FEMA’S FAILURES….Among our conservative friends, there still appears to be a considerable amount of denial over the question of whether (and how) FEMA failed in the aftermath of Hurricane Katrina. In fact, many Bush administration apologists seem not to even understand FEMA’s role, suggesting that the bulk of the failures belong at the state and local levels.

Needless to say, state and local authorities share plenty of blame for the slow and confused response to Katrina. My guess ? and it’s just a guess at this point ? is that when the final story gets written, New Orleans Mayor Ray Nagin is going to end up looking pretty bad and Louisiana Governor Kathleen Blanco is going to end up looking bruised but basically OK. Time will tell on that front.

But much of FEMA’s story is already written. After all, disasters like Katrina are the entire reason for FEMA’s existence. It’s nice to have them around for run-of-the-mill emergencies, of course, but it’s essential to have them around for mega-disasters like Katrina, which are always going to overwhelm the capabilities of local authorities. In fact, it’s exactly the kind of event where you want to bring to bear the full power of the federal government. As Jane Bullock, who spent 22 years at FEMA under presidents of both parties pointed out, FEMA needs to take charge in a situation like this. “The moment the president declared a federal disaster, it became a federal responsibility.”

So how did FEMA fail? As a first stab, I’m going to collect excerpts from this weekend’s collection of Katrina stories, as well as notes from a few other sources. A few of these reports will probably turn out to be wrong or exaggerated, but I think it’s useful to have at least a tentative collection of FEMA’s failures all in one place right now, especially since many of them seem to be rooted directly in policy decisions made over the past four years ? and it’s policy decisions, more than individual failures, for which administrations deserve to be held accountable. The complete list is below the fold.

Pre-Katrina FEMA Coverage

  1. 1993-2000: Under James Lee Witt, FEMA is transformed from a backwater of political patronage into a widely praised model of efficient and rapid emergency response.

  2. January 2001: George Bush appoints Joe Allbaugh as director of FEMA. Allbaugh, who ran Bush’s presidential campaign, has no previous experience in disaster management.

  3. May 2001: Allbaugh testifies that he believes federal involvement in disaster planning should be scaled back: “Many are concerned that Federal disaster assistance may have evolved into both an oversized entitlement program and a disincentive to effective State and local risk management. Expectations of when the Federal Government should be involved and the degree of involvement may have ballooned beyond what is an appropriate level. We must restore the predominant role of State and local response to most disasters. Federal assistance needs to supplement, not supplant, State and local efforts.”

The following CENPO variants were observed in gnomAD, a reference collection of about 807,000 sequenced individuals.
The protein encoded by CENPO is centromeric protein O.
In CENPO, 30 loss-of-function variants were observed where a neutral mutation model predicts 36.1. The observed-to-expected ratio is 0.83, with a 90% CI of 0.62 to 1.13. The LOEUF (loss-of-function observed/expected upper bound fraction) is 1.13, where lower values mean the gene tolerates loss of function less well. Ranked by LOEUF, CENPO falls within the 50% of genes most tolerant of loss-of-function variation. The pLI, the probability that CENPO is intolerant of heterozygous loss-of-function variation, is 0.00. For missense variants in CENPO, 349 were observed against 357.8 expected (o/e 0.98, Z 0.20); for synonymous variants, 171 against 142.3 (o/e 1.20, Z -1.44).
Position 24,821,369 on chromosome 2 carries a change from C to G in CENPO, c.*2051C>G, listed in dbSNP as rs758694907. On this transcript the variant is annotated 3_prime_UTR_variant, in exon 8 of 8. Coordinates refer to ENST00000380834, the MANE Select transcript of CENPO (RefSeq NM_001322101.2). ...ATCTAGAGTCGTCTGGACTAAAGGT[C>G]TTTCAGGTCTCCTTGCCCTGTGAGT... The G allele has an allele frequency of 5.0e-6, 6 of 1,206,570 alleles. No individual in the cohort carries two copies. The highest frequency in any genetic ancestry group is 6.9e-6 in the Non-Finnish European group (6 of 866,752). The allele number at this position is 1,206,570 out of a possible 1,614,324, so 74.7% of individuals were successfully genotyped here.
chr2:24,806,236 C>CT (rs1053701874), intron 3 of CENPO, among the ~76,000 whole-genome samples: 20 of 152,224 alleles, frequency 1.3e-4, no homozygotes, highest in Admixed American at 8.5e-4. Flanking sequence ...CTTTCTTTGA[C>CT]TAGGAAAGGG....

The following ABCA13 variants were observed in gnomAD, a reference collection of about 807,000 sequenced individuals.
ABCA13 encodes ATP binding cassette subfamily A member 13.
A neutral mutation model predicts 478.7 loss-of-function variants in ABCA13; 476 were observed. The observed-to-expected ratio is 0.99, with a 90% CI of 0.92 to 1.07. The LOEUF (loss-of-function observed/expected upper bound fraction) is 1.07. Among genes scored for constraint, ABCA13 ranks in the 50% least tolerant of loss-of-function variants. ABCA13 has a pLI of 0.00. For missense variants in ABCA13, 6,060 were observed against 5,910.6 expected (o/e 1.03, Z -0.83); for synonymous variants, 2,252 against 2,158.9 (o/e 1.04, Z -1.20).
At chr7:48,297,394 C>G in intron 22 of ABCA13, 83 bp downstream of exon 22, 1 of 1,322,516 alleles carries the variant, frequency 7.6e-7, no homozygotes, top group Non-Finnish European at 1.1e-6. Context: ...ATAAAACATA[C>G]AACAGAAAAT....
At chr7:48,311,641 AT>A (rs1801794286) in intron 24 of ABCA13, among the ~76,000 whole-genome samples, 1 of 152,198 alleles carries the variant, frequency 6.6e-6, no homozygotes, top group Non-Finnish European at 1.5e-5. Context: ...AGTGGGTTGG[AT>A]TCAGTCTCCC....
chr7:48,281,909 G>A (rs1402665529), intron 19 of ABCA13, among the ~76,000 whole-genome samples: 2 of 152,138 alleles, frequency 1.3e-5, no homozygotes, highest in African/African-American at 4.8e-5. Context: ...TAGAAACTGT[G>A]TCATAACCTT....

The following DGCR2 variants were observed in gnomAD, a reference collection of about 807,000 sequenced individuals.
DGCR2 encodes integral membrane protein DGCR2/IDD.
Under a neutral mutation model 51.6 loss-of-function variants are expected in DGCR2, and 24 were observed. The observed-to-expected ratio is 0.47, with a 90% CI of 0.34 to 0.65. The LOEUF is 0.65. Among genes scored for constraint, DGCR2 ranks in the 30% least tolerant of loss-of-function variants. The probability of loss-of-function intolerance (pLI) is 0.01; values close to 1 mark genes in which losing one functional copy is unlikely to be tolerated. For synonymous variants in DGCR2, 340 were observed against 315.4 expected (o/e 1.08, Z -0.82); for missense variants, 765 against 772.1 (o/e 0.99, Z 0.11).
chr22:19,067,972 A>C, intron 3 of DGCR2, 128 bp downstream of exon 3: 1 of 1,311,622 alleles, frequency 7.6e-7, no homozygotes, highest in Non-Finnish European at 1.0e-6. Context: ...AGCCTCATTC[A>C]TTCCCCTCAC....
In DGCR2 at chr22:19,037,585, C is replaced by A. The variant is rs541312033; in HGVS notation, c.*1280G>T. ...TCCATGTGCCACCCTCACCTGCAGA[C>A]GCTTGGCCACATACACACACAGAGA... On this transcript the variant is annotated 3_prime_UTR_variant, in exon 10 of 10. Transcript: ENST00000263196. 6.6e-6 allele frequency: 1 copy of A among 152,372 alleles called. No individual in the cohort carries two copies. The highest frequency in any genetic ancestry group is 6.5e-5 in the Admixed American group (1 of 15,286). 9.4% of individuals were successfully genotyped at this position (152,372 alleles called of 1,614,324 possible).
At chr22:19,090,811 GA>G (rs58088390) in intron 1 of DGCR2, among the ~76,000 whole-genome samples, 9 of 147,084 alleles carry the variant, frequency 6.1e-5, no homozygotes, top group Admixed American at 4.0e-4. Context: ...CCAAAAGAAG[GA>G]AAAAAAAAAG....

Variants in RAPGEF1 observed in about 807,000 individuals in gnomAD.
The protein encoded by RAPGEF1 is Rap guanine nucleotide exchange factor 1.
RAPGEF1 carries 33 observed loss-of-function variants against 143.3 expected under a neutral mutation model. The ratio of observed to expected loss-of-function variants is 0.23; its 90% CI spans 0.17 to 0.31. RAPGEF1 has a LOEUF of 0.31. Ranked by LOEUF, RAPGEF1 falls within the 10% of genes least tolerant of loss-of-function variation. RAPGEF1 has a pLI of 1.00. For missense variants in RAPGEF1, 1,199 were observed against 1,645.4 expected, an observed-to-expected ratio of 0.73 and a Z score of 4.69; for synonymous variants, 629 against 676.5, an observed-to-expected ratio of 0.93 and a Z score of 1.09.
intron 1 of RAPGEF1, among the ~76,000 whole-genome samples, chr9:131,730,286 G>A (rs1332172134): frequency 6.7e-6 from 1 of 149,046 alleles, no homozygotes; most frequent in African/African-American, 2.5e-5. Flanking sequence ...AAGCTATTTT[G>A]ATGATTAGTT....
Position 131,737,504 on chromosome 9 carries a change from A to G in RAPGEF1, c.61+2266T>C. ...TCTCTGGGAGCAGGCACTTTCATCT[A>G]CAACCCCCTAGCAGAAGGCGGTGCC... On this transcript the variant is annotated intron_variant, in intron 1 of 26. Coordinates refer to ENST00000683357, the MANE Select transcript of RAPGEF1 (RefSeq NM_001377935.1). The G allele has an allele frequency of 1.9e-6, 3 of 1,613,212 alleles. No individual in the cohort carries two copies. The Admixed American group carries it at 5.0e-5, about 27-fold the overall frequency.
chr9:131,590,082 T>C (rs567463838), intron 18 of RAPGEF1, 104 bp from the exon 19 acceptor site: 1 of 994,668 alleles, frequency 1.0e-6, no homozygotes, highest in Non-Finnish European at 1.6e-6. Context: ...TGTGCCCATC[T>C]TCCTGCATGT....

4. December 2002: Allbaugh announces he is leaving FEMA. He is succeeded by his deputy and former college friend, Michael Brown, who also has no previous experience in disaster management. Brown’s patent unsuitability for the job is documented here, here, and here.

  5. March 2003: FEMA is downgraded from a cabinet level position and folded into the Department of Homeland Security. Its mission is refocused on fighting acts of terrorism.

  6. 2003: Under its new organization chart within DHS, FEMA’s preparation and planning functions are reassigned to a new Office of Preparedness and Response. FEMA will henceforth focus only on response and recovery.

  7. 2003-2005: Disaster professionals among FEMA’s top staff are gradually replaced by political appointees with no relevant experience. See here and here.

  8. July 2004: During an exercise dubbed “Hurricane Pam,” FEMA assures everyone that they can do all the heavy lifting necessary if the big one hits: “The Federal Emergency Management Agency promised the moon and the stars. They promised to have 1,000,000 bottles of water per day coming into affected areas within 48 hours. They promised massive prestaging with water, ice, medical supplies and generators. Anything that was needed, they would have either in place as the storm hit or ready to move in immediately after….FEMA promised more than they could deliver. They cut off deeper, perhaps more meaningful discussion and planning by handing out empty promises.”

Post-Katrina Coverage

New York Times, “Breakdowns Marked Path From Hurricane to Anarchy”

  1. “The agency dispatched only 7 of its 28 urban search and rescue teams to the area before the storm hit and sent no workers at all into New Orleans until after the hurricane passed on Monday, Aug. 29.”

  2. “Rather than initiate relief efforts ? buses, food, troops, diesel fuel, rescue boats ? the agency waited for specific requests from state and local officials.”

  3. “Hundreds of firefighters, who responded to a nationwide call for help in the disaster, were held by the federal agency in Atlanta for days of training on community relations and sexual harassment before being sent on to the devastated area.”

  4. “FEMA would not let the trucks unload,” Mr. Vines said in an interview. “The drivers were stuck for several days on the side of the road about 10 miles from Camp Beauregard. FEMA said we had to have a ‘tasker number.’ What in the world is a tasker number? I have no idea. It’s just paperwork, and it’s ridiculous.”